An analysis of multiple ECOG trials found that obese women with hormone receptor-positive breast cancer experience worse outcomes. But an exploratory analysis of the international TEAM trial indicated that obesity does not exert a negative influence on the efficacy of adjuvant endocrine therapy.
Obese women with hormone receptor-positive, operable breast cancer are more likely to experience inferior disease-free survival and overall survival after adjuvant chemotherapy than nonobese women. Given the growing obesity epidemic in the U.S., currently at 72 million adults, breast cancer specialists will have to contend with more of this type of patient.
In general, clinical trial populations tend to include healthier people, so this selection process would tend to include healthy obese individuals,” said Joseph A. Sparano, MD, from the Eastern Cooperative Oncology Group (ECOG).
Dr. Sparano and colleagues evaluated the effect of obesity on outcomes in several ECOG adjuvant therapy trials including E1199, E5188, and E3189. They looked at the link between body mass index (BMI), DFS, and OS using multivariate models adjusted for age, tumor size, nodal status, race, surgery type, prior radiotherapy, menopausal status, treatment arm, and treatment adherence.
Using a BMI of 30 kg/m² or higher, they found that in the E1199 trial, obesity was associated with older age, postmenopausal status, and black race. Obese subjects with estrogen-receptor positive, progesterone-receptor positive, or both subtypes of cancer plus HER2-negative disease had inferior DFS (hazard ratio [HR] 1.24; P = .026) and OS (HR 1.42; P = .003). This effect was not seen for HER2-positive and/or triple-negative disease (SABCS 2010 abstract S2-1).
“Not only did the obese subjects seem to have a higher risk of recurrence, but they seem to have a shorter period of time between the time of recurrence and death,” Dr. Sparano said.
Finally, there was no evidence for differences in chemotherapy delivery, endocrine therapy or adherence, or toxicity in the obese patients. A review of E5188 (ER-positive, node-positive breast cancer) and E3189 (ER-negative, node-positive breast cancer) confirmed the relationship of obesity and outcomes in HR-positive disease.
Dr. Sparano stated the clinical implications for this study:
•Host-related factors, such as hyperinsulinemia, may be contributing to recurrence
•Additional research is required to pinpoint these host-related factors
•Targeted interventions may reduce recurrence risk and eliminate these disparities in outcomes. One option might be to treat obese ER/PR-positive patients with a dose of anti-ER therapy to address higher circulating levels of estrogen.
Researchers from the TEAM trial investigated whether the activity of exemestane (Aromasin) and tamoxifen given as adjuvant therapy was affected by BMI. The TEAM* patients were treated with exemestane (25 mg daily) vs tamoxifen (20 mg daily) or with exemestane vs tamoxifen followed by exemestane. Both regimens were given for five years.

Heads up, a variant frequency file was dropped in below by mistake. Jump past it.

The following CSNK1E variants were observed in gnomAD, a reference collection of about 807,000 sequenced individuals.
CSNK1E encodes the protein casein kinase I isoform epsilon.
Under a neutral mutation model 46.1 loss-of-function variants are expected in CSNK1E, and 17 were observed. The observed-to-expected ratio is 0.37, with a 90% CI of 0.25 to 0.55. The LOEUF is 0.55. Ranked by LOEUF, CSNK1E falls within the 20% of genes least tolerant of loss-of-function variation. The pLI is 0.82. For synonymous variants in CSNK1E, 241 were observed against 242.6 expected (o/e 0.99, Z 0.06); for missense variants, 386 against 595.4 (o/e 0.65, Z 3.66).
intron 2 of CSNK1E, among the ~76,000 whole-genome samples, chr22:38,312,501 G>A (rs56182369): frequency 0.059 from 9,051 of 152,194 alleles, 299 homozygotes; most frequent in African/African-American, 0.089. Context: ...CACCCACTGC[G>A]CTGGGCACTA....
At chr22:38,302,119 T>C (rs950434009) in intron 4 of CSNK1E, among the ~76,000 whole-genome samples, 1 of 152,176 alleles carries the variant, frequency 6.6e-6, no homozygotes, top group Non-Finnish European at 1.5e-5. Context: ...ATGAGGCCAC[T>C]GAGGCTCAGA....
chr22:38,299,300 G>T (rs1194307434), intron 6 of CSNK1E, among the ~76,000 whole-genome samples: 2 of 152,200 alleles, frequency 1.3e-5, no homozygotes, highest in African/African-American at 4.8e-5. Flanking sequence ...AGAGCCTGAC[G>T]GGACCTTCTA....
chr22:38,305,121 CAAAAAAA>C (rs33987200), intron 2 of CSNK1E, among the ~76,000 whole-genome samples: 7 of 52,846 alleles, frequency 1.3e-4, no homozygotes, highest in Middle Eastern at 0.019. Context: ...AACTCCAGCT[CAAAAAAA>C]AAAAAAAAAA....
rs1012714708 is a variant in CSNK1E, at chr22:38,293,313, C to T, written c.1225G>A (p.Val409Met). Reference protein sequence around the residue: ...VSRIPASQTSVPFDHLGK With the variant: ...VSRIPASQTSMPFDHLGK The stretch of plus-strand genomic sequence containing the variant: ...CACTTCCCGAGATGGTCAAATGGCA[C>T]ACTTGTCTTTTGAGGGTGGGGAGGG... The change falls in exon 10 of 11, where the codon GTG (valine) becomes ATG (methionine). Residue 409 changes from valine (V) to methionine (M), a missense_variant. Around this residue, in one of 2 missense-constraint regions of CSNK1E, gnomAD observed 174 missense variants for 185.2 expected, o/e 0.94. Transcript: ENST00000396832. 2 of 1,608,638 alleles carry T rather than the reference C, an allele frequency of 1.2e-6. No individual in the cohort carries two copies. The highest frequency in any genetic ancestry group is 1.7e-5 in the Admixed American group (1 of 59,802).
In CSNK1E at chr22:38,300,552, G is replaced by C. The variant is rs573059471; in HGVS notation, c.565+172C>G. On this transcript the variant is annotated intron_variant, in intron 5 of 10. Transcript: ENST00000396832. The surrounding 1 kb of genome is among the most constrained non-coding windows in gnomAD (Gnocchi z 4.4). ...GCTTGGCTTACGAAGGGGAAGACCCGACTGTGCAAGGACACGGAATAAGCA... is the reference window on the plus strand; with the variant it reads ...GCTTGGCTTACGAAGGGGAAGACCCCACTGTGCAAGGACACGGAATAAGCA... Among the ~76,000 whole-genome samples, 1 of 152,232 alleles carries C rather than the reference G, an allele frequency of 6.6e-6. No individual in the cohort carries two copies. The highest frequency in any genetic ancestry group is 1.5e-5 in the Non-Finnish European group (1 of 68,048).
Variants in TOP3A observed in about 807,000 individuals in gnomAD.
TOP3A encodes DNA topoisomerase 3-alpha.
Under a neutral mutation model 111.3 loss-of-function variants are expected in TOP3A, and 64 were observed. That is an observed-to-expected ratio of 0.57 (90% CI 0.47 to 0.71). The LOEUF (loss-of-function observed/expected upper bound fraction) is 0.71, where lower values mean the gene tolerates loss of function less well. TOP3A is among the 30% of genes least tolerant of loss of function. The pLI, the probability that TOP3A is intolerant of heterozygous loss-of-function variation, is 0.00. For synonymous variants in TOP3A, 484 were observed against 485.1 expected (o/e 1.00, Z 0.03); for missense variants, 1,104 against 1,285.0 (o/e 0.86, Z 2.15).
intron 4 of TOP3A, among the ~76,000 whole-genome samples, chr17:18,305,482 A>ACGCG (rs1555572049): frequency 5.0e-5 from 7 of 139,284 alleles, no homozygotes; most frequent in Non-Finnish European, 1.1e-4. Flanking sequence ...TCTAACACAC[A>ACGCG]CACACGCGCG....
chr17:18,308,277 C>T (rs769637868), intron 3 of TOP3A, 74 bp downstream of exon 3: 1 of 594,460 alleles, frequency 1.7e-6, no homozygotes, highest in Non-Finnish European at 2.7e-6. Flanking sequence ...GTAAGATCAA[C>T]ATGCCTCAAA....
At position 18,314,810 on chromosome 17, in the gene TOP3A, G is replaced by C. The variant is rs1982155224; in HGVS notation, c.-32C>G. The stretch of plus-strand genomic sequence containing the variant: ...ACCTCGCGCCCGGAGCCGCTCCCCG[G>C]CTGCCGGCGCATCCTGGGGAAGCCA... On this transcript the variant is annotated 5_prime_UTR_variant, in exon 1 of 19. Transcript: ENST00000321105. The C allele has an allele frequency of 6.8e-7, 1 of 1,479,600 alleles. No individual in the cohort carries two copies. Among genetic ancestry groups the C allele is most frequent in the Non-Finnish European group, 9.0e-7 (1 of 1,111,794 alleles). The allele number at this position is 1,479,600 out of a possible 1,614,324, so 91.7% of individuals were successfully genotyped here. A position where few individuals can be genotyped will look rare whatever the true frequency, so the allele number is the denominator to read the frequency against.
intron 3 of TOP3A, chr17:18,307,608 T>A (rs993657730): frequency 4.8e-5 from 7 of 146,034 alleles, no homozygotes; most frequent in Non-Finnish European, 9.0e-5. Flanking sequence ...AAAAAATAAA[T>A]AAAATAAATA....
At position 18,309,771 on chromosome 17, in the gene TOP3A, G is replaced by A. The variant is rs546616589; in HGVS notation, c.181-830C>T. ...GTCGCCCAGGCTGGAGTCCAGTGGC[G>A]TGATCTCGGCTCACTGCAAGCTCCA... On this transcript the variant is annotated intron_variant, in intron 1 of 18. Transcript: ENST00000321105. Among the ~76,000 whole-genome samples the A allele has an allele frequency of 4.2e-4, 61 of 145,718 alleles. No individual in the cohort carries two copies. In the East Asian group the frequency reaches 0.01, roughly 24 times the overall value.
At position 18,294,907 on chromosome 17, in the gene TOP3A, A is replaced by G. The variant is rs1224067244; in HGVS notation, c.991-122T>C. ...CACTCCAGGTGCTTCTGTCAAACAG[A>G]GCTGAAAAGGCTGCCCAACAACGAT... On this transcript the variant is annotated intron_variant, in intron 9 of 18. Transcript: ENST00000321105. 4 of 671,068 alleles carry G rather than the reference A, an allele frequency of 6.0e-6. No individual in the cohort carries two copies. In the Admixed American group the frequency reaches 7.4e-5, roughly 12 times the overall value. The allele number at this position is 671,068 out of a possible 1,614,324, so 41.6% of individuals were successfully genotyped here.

Weight and height was known in 4,741 patients, and the mean BMI was 26.9 kg/m², with 39% of the patients deemed overweight and 23% considered obese.
At 2.75 years in the exemestane vs tamoxifen arm, disease relapse in patients using exemestane was 6.8% in overweight women and 7.5% in obese women (P = .57). In overweight patients on tamoxifen, disease relapse rate was 8.8% while obese women had a relapse rate of 12.5% (P = .06). In comparison, women at normal weight had relapse rates of 8.1% for exemestane and 9.1% for tamoxifen.
At a median follow-up of 5.1 years, disease relapse in those patients taking exemestane occurred in 14.8% of normal weight patients, 15.1% of overweight patients, and 15.1% of obese women. For those on tamoxifen, 17% of normal weight women experienced relapse vs 16.9% of overweight women and 18.3% of obese women (SABCS 2010 abstract S2-3). For DFS, the HR was 0.88 in overweight patients and 0.75 in obese patients. For OS in overweight women, the HR was 0.89 and in obese women, 0.71 (SABCS 2010 abstract S2-3).
“In the TEAM population, we did not find a worse outcome in overweight obese patients compared with normal weight patient at follow-up of five years,” said Caroline Seynaeve, MD, from the Daniel den Hoed Cancer Center at Erasmus Medical Center in Rotterdam, the Netherlands. “Also, we did not find significant differences by treatment regimen based on BMI.”
An SABCS audience member asked Dr. Seynaeve about the difference between her group’s results and those presented by the Austrian ABCSG-12 trial group earlier this year. In the latter, obese women taking anastrozole (Arimidex) had worse outcomes compared with those on tamoxifen, leading the investigators to suggest that the type of aromatase inhibitor (reversible vs irreversible) may have been the culprit ().
Dr. Seynaeve responded that the Austrian study had premenopausal women in it while TEAM was carried out in postmenopausal women. In addition, longer follow-up in the TEAM population is planned. “Because the data is not concordant at this moment is not to say that it won’t become concordant,” she said.
*TEAM = Tamoxifen Exemestane Adjuvant Multinational study